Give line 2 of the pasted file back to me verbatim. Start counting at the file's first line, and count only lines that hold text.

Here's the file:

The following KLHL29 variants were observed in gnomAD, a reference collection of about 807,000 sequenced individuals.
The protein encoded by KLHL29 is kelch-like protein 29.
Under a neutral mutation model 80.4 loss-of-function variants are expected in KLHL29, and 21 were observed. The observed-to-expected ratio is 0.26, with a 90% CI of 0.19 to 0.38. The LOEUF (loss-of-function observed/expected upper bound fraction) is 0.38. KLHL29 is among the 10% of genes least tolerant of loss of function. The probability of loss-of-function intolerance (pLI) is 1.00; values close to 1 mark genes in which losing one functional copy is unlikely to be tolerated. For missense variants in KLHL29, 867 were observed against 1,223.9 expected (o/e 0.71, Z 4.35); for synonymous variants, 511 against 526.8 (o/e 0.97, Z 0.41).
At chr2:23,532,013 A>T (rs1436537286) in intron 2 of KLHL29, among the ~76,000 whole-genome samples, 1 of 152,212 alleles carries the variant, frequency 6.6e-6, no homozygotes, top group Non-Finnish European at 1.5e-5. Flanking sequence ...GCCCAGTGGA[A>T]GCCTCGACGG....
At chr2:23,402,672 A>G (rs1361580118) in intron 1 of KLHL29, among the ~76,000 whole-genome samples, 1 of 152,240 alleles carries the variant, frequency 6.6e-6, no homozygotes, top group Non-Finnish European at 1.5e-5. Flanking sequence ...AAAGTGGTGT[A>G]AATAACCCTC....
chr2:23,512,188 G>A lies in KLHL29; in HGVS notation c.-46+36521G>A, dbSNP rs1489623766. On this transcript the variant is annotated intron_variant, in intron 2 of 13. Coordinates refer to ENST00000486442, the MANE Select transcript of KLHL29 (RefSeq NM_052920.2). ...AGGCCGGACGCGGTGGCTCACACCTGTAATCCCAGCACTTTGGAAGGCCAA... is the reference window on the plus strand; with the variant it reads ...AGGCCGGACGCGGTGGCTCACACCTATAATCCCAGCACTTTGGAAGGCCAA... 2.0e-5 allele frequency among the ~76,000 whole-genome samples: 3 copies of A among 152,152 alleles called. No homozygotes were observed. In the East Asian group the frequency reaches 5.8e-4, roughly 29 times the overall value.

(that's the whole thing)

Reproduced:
The protein encoded by KLHL29 is kelch-like protein 29.